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Philae comet lander renews contact after five-day break

Published 19/06/2015

Data from Philae is shedding new light on comets
Data from Philae is shedding new light on comets
Comet 67P/CG acquired by Rosetta's OSIRIS narrow-angle camera which is marked to show the location of the first touchdown point of the Philae lander, as scientists re-established communication with the Philae space probe, which has made history by landing on the comet. Pic European Space Agency/PA Wire
The probe has emerged from its slumber

The European Space Agency (ESA) said its Philae lander has made contact again after a five-day gap as mission controllers work to improve communications with the washing machine-sized spacecraft on a speeding comet.

Philae, which in November became the first spacecraft to land on a comet, sent its first signals in seven months last Saturday. As the comet approaches the sun, Philae's solar panels are getting enough light to revive the lander.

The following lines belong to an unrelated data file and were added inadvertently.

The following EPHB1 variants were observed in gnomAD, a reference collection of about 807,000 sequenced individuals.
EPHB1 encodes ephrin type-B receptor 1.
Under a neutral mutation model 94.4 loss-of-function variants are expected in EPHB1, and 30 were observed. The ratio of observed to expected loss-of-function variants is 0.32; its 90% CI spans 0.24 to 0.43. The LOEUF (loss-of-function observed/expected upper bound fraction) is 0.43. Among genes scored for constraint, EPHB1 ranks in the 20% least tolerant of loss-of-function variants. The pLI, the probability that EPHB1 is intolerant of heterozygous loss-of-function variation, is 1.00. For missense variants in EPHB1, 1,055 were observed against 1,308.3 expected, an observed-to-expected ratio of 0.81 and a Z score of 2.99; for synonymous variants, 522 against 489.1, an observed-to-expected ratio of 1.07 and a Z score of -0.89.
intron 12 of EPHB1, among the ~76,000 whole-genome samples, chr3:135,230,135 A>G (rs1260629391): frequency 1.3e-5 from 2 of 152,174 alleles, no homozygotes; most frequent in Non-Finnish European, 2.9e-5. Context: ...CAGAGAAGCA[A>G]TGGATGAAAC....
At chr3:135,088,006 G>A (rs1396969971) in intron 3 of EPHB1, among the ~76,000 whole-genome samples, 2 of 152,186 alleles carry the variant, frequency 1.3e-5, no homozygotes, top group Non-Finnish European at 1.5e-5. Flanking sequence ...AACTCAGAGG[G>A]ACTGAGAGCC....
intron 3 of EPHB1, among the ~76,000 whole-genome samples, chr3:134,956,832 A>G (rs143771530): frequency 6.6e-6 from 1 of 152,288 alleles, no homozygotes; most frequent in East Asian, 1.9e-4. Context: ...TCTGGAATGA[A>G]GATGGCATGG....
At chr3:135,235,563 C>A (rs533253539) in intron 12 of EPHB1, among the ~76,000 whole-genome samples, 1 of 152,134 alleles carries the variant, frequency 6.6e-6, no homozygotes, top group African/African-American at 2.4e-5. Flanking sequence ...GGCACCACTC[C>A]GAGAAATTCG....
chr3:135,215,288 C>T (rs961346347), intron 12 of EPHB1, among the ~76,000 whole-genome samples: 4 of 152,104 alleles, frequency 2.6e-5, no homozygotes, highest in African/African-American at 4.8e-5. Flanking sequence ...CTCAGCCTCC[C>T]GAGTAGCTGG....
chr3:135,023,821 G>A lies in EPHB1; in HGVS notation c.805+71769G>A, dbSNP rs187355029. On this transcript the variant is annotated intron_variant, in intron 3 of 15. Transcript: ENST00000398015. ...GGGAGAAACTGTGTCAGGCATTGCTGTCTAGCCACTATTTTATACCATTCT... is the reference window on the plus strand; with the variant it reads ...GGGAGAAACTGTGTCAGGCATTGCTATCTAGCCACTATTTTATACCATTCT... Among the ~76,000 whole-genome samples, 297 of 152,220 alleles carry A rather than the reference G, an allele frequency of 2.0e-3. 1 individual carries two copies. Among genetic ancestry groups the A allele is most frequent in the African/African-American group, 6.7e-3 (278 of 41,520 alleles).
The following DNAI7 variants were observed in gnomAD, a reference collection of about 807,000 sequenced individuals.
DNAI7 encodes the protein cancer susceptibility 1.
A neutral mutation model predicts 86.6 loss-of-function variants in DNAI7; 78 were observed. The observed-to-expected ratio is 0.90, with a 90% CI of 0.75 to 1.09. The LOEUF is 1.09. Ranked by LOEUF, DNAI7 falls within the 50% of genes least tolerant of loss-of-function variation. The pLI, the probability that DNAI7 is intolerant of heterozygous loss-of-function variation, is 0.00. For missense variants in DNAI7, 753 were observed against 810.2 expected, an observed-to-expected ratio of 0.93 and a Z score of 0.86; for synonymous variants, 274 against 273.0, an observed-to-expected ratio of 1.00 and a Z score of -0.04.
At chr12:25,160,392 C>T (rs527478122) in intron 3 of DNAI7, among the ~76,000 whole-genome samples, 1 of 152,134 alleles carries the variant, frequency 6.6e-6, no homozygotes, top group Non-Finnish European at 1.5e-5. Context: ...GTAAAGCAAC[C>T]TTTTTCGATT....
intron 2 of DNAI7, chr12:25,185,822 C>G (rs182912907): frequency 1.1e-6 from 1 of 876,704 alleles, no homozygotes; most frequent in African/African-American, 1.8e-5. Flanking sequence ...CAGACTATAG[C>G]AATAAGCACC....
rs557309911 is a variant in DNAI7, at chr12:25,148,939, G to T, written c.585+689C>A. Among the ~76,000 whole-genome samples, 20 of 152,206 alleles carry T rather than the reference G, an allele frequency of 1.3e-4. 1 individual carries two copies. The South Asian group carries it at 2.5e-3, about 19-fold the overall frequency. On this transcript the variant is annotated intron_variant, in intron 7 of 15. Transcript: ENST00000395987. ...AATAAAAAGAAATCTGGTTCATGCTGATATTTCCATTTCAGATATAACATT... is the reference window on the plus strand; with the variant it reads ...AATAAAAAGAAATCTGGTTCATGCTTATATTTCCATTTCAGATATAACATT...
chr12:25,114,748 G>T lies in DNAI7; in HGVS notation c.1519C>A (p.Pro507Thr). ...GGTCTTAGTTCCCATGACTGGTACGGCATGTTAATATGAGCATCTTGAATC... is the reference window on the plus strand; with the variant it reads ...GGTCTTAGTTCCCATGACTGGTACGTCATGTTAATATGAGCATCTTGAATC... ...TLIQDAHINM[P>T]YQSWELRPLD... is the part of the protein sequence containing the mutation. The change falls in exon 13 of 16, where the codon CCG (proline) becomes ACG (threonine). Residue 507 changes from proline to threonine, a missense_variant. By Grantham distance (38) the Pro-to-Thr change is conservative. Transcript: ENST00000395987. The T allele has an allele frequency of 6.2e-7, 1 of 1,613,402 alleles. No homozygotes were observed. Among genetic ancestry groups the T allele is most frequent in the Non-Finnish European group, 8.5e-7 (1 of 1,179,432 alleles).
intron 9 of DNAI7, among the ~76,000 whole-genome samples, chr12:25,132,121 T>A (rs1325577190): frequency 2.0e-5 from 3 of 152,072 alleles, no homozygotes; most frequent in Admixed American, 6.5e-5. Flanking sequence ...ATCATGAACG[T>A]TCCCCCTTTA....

Philae sent more signals on Sunday but was not heard from again until today, a gap ESA says was not unexpected. In a pair of two-minute contacts 17 minutes apart, it delivered more housekeeping and status data.

ESA has sent commands to the lander's mother ship Rosetta, 112 miles from the comet, to improve communications between the spacecraft.

Comet lander Philae wakes up  

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